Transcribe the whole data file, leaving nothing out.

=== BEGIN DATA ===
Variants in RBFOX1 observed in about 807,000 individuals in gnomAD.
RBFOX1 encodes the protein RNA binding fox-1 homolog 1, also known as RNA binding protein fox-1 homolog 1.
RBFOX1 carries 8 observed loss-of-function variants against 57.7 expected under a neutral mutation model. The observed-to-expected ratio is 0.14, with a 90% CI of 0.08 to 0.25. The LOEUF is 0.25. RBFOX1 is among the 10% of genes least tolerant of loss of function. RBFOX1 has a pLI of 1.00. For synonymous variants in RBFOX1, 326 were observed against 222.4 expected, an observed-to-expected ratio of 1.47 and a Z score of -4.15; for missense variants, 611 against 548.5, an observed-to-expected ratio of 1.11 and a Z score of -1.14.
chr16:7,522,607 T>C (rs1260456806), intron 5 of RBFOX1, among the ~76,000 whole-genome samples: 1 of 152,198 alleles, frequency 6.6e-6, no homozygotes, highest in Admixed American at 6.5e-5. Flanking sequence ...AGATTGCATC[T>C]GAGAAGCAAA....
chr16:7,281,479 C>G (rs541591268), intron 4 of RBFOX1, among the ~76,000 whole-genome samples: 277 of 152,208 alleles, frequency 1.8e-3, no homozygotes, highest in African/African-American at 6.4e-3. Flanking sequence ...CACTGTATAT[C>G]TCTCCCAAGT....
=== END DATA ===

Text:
Variants in RBFOX1 observed in about 807,000 individuals in gnomAD.
RBFOX1 encodes the protein RNA binding fox-1 homolog 1, also known as RNA binding protein fox-1 homolog 1.
RBFOX1 carries 8 observed loss-of-function variants against 57.7 expected under a neutral mutation model. The observed-to-expected ratio is 0.14, with a 90% CI of 0.08 to 0.25. The LOEUF is 0.25. RBFOX1 is among the 10% of genes least tolerant of loss of function. RBFOX1 has a pLI of 1.00. For synonymous variants in RBFOX1, 326 were observed against 222.4 expected, an observed-to-expected ratio of 1.47 and a Z score of -4.15; for missense variants, 611 against 548.5, an observed-to-expected ratio of 1.11 and a Z score of -1.14.
chr16:7,522,607 T>C (rs1260456806), intron 5 of RBFOX1, among the ~76,000 whole-genome samples: 1 of 152,198 alleles, frequency 6.6e-6, no homozygotes, highest in Admixed American at 6.5e-5. Flanking sequence ...AGATTGCATC[T>C]GAGAAGCAAA....
chr16:7,281,479 C>G (rs541591268), intron 4 of RBFOX1, among the ~76,000 whole-genome samples: 277 of 152,208 alleles, frequency 1.8e-3, no homozygotes, highest in African/African-American at 6.4e-3. Flanking sequence ...CACTGTATAT[C>G]TCTCCCAAGT....